Tuesday, December 02, 2014

New Guidance from Department of Education Reins In Single-Sex Classes

Yesterday the Department of Education released new guidance clarifying the extent to which Title IX permits public elementary and secondary schools to offer single-sex classes and extracurricular activities. In 2006, after Congress passed the No Child Left Behind Act, the agency promulgated regulations that attempted to reconcile the new law's permissive stance on single-sex education with Title IX's prohibition on sex discrimination.  While Title IX regulations already permitted schools to offer single-sex classes in physical education and human sexuality, the 2006 regulations authorized additional single-sex K-12 classes (nonvocational) when the single-sex nature of the class is "substantially related" to achieving one of two "important objectives:" (1) providing a diverse array of educational opportunities for students overall; or (2) meeting the educational needs of individual students. In addition, the regulations require that such single-sex classes be implemented in an evenhanded manner, offered on a voluntary basis, be paired with a substantially equal coed class in the same subject, and be subject to continued monitoring for effectiveness.

As many as 750 public schools segregated some classes and activities by sex in the wake of these new regulations, and there are at least as many schools that are entirely single-sex.  Many of the school districts that have implemented single-sex classes have provoked litigation (or threat of litigation) for exceeding the scope of the Title IX regulations and other laws like the Equal Protection Clause. The Department's new "Q&A" style document appears to be aimed at promoting compliance by raising awareness and offering clarification as to exactly what the regulations permit with regards to single-sex classes. (Single-sex  schools are not covered by the new guidance document because they are subject to a different regulations).

Here are some highlights from the guidance:
  • The school's "important objective" for single-sex classes must be identified prior to implementation; the agency will not accept a rationalization offered after the fact.  If the objective is not in writing, a school district may have difficulty proving to the Department of Education that it satisfied this requirement in the event of a compliance review.  
  • The "diversity array of opportunities" objective cannot be satisfied if the school's single-sex offering are the only thing that creates diversity in the curriculum. On the other hand, if -- for example -- a school offers a variety of electives, coop and externship opportunities, a STEM track, and/or the option to take classes at another school, adding single-sex classes may be related to the objective of offering a diverse curriculum. 
  • The "meeting individual students needs" objective requires schools to identify a demonstrated educational need (or possibly a social need) to justify separating classes or activities by sex.  For example, if a school finds that boys at a certain grade are scoring lower on a state assessment text in a particular area, it could justify a single-sex class option as an intervention aimed at addressing that need.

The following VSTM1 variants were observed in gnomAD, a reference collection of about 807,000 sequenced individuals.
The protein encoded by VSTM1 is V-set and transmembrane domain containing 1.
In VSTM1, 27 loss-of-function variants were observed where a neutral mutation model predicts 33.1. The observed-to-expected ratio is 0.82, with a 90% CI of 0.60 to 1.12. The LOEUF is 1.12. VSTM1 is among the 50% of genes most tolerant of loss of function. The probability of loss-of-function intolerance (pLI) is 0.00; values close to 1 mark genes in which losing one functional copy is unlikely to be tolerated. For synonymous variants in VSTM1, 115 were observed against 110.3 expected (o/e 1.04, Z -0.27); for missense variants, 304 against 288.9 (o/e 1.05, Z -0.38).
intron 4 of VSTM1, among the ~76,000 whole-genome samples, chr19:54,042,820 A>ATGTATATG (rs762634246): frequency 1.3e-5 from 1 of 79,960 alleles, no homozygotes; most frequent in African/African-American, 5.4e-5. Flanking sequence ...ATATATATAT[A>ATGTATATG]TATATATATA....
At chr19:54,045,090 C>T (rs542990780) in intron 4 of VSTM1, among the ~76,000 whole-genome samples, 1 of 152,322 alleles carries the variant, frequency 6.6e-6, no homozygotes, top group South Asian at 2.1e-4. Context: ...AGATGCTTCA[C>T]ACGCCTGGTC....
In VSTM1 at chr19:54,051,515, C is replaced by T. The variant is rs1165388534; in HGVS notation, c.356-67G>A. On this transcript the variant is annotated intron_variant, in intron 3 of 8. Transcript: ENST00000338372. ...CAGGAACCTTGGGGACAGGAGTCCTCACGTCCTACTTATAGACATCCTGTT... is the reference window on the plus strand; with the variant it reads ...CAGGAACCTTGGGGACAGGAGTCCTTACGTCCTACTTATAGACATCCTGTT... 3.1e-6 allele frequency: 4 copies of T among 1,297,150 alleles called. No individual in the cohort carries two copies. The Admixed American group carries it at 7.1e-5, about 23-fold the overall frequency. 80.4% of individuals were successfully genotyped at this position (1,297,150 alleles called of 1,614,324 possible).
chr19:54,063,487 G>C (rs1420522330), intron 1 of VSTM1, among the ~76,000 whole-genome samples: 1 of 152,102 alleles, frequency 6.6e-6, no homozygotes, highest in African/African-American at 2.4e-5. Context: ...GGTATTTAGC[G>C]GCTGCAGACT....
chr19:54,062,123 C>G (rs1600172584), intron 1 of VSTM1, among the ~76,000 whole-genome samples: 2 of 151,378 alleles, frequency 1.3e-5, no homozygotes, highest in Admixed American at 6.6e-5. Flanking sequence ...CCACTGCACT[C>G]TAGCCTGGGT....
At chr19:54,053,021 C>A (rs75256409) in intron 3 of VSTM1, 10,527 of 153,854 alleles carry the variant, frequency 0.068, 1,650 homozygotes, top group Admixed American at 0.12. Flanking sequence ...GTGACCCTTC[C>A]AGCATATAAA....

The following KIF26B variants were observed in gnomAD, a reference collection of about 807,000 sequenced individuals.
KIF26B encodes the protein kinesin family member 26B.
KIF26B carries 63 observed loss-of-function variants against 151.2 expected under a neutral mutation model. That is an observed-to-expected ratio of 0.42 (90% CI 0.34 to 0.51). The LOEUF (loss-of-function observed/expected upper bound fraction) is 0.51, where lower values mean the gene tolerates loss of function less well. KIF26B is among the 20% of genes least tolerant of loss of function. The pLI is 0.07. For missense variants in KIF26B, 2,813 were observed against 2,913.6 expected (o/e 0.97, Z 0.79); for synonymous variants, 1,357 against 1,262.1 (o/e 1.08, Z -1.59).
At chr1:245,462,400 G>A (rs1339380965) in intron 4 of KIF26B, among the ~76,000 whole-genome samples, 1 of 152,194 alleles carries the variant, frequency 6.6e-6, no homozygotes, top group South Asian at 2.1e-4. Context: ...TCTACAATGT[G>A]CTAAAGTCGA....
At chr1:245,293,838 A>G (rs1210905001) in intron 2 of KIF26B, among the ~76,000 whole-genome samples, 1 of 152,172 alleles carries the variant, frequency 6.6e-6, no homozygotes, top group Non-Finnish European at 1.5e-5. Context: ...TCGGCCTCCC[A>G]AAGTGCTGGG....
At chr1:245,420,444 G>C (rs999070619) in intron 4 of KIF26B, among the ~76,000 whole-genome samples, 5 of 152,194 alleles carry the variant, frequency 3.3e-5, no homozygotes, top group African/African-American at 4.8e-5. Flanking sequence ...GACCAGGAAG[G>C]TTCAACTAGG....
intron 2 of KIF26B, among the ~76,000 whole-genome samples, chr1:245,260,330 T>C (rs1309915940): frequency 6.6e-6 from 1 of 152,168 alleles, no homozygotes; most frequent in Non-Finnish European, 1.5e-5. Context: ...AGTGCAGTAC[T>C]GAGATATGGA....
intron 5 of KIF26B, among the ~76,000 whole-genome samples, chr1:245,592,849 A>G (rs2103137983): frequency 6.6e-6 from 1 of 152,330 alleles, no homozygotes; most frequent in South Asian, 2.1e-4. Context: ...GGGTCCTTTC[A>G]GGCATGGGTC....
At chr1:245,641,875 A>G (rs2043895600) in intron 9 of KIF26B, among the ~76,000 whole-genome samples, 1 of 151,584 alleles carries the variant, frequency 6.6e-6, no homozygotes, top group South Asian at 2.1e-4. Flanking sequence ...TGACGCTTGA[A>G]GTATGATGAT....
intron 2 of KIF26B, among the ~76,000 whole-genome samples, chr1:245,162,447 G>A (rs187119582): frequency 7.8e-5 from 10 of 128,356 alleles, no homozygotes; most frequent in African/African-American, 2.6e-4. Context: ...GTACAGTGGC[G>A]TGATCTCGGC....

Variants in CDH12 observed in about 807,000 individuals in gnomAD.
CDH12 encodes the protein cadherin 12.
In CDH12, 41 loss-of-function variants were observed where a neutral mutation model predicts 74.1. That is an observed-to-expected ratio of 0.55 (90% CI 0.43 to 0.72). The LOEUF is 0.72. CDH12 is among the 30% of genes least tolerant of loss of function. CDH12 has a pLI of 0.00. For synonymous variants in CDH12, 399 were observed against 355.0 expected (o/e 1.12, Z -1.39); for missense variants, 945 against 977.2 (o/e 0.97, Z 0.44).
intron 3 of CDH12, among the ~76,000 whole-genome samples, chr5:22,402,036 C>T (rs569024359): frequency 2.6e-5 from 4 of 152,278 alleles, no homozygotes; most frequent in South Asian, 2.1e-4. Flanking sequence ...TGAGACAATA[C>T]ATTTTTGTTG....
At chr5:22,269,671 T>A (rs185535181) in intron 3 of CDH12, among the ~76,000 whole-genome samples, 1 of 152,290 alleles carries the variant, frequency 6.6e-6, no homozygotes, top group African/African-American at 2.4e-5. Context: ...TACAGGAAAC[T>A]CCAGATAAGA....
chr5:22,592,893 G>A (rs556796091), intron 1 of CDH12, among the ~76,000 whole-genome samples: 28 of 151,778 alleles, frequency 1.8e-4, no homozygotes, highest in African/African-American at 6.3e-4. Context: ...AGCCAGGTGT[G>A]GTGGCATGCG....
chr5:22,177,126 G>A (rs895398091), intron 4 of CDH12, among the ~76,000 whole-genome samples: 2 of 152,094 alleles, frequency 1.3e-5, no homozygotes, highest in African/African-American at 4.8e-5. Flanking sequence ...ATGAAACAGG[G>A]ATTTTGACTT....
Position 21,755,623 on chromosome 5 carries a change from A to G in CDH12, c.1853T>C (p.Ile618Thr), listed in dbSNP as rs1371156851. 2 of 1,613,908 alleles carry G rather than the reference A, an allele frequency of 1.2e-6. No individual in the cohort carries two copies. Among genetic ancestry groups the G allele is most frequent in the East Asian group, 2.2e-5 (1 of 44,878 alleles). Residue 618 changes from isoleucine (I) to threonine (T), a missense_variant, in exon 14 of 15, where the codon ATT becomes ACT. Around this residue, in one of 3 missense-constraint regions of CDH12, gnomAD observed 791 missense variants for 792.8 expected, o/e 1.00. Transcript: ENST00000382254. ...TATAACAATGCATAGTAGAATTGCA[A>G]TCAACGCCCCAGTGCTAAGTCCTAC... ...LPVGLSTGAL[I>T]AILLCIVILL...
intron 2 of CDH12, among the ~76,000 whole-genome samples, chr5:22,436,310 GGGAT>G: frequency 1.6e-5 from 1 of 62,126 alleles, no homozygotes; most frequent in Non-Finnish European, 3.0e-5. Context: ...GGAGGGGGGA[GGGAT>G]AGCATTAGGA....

• The school must rely on evidence that the single-sex nature of the class will promote the identified objective.  For example, a school like the one previously mentioned could rely on evidence form a comparitor school or from published research findings that separating boys helped raised test scores in a particular area.  
  • However, such evidence may not include "overbroad generalizations about the talents, capacities, and preferences of either sex," including claims that a particular teaching method works well for most members of a particular sex.  This clarification is important because it forecloses many examples we have read about, in which schools attempt to justify segregation based on claims that boys and girls in general respond differently to things like the level of classroom activity, the sex of the teacher, the content of teaching examples, the structure of assignments, or environmental factors like the noise levels, lighting, and temperature of the classroom. As the guidance recognizes, these claims, even if reliable, only justify separating students based on their preferences regarding the variable in question. They do not justify using sex as a rough proxy for that variable. For example, a school may believe that girls in general learn better in warmer environments. This does not justify offering a separate class for girls, though a school may offering two different classrooms at different temperatures and allowing students of either sex to choose the warmer or the cooler of the two based on their comfort level. 
Based on recent past examples of Department of Education guidance under Title IX, I predict that the release of this guidance document is the first step towards stronger Title IX enforcement to rein in unlawful single-sex classes. By clarifying the narrowness of circumstances in which such classes are permitted, as well as the requirements for implementation, the Department makes it easier for teachers, parents, students, and other stakeholders to identify those classes that do not comply with Title IX and to file complaints accordingly that could prompt investigation and enforcement proceedings.  It also signals that the Department is turning its attention to this issue, and may suggest that its next step is to initiate compliance reviews of its own.